When he moves out, the little communication that was happening between him and her usually gets worse. Frequently it stops altogether, and the reasons for the breakup never get talked about, or worse, he now gets blamed for “leaving.” Which makes him feel guilty, trapped in a “Catch-22″ situation and he just wants to give up and run away.

Lastly, and the worst part of this tragedy, is that moving out has created a “status quo” as far as the courts are concerned in regards to the children. Since dad left the kids with mom, the court thinks that they should be with her, and that’s what is most likely going to happen. He will see them every other weekend and a weeknight dinner. This is the bad news I have to deliver to the man who sits in front of me in tears.

He didn’t know that was going to happen. He didn’t think he’d lose seeing his kids all the time. He doesn’t care about the house, the furniture, the only thing he wants is to be a dad, and now he’s a weekend dad. All it took was for her to push him out of the house.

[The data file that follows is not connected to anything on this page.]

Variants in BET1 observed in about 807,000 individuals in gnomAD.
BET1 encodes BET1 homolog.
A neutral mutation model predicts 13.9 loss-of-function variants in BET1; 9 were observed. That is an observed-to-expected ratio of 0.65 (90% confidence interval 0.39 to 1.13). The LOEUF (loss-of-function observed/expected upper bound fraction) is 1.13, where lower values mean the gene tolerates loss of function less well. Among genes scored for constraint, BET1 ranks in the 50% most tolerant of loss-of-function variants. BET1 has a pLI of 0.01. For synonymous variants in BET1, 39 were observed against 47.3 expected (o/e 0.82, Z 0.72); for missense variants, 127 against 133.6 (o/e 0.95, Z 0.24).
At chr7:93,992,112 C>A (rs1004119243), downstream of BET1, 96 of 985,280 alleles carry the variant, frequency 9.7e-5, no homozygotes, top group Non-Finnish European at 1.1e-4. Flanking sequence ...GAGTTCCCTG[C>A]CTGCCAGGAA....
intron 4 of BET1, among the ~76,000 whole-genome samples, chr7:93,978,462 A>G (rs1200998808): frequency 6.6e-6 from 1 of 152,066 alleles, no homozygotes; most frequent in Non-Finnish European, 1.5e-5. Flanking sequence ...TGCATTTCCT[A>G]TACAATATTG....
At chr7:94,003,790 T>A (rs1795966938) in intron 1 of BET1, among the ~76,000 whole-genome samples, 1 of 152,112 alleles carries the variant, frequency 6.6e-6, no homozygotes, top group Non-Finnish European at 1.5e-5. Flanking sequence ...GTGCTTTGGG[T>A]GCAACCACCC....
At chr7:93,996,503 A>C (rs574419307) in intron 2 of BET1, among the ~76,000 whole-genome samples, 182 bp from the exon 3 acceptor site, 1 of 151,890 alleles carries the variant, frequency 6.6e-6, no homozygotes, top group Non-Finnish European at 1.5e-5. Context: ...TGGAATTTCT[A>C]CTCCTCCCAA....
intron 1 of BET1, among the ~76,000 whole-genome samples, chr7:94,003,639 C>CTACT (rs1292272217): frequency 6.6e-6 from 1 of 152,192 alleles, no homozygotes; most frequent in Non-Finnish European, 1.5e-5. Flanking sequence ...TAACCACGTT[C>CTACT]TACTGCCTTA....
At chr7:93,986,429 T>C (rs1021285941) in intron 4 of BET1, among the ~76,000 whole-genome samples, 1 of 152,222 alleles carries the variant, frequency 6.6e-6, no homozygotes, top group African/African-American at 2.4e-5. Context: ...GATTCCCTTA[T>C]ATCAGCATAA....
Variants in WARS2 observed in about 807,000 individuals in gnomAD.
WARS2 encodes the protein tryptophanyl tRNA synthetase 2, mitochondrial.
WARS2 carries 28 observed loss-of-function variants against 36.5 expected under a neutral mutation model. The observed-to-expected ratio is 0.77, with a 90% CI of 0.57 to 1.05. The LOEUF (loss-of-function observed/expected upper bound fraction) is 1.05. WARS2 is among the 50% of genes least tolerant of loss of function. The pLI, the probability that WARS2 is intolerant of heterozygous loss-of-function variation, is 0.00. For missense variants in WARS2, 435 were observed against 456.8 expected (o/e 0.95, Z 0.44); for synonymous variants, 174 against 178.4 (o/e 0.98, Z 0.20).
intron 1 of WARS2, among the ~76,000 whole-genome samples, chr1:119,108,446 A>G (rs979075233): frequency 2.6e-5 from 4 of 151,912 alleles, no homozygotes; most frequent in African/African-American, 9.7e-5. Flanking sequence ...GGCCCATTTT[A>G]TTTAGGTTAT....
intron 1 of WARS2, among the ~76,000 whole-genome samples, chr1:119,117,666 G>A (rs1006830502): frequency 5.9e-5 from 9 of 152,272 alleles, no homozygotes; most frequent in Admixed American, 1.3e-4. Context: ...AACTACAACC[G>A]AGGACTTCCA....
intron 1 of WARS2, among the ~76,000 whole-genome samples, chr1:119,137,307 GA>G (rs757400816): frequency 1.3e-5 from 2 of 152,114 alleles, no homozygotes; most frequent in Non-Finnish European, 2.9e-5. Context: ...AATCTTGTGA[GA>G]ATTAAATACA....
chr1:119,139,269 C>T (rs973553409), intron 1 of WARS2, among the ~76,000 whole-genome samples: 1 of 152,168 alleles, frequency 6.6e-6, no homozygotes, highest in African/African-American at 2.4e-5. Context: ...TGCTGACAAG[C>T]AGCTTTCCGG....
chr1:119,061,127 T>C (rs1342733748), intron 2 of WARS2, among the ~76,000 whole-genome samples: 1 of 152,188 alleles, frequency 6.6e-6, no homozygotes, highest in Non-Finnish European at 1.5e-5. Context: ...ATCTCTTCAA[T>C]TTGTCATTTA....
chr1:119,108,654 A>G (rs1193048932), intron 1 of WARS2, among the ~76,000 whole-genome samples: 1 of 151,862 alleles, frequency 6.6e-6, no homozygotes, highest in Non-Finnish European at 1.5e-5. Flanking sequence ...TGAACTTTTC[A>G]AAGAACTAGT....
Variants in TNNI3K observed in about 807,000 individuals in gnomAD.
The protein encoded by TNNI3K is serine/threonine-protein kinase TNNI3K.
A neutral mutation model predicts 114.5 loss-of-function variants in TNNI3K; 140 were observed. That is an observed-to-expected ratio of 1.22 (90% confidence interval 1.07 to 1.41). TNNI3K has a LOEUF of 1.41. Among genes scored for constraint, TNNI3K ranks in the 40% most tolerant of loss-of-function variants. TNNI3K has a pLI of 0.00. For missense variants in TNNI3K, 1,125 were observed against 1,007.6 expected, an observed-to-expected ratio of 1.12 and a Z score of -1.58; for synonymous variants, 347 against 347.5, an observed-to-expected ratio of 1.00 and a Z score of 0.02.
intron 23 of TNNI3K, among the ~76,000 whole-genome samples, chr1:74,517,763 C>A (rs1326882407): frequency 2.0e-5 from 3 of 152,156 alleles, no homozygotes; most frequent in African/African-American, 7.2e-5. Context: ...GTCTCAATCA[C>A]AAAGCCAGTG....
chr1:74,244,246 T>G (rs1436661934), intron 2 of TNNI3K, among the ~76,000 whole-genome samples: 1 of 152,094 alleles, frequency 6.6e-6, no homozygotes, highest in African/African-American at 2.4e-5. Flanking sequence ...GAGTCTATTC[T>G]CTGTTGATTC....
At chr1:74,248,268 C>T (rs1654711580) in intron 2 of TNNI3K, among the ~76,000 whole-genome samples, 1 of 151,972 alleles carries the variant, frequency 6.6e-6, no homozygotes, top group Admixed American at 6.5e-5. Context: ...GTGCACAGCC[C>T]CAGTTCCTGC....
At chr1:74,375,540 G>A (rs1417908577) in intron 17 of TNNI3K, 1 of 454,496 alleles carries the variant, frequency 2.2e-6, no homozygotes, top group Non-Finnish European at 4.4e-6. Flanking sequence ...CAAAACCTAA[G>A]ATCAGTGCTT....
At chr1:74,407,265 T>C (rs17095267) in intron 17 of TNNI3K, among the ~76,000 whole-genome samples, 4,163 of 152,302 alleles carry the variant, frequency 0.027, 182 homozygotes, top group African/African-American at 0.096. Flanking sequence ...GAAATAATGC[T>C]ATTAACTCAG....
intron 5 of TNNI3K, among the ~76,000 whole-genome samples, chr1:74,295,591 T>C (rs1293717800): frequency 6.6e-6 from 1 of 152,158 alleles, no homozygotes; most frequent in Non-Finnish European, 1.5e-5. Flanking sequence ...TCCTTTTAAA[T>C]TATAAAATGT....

Simply because he left, he’s now a part-time parent. He did it to create peace, which didn’t happen. He did it to make his relationship with his kids better — that certainly wont happen. He did it because he thought he’d get a 50/50 custody deal, which is a pipe dream, while her child support is tied to how much time she has the kids versus him.

Men are hugely uneducated about what happens in a divorce or a child custody battle. We don’t talk about it with each other. We don’t share how to plot, strategize and set up the situation to our advantage, which is our own undoing.

Fathers shouldn’t leave until they have to. Fathers need to talk to each other to find out what to do. Men use coaches in sports, and mentors in business and they need to rely on each other to get through life’s challenges, and to keep what is theirs: their children.

Stay At Home Dads are a Good Thing!!!

In child custody, Child Custody Issues, Child Support, Parental Alienation, Paternity Issues, Strategy Issues on July 25, 2010 at 10:15 am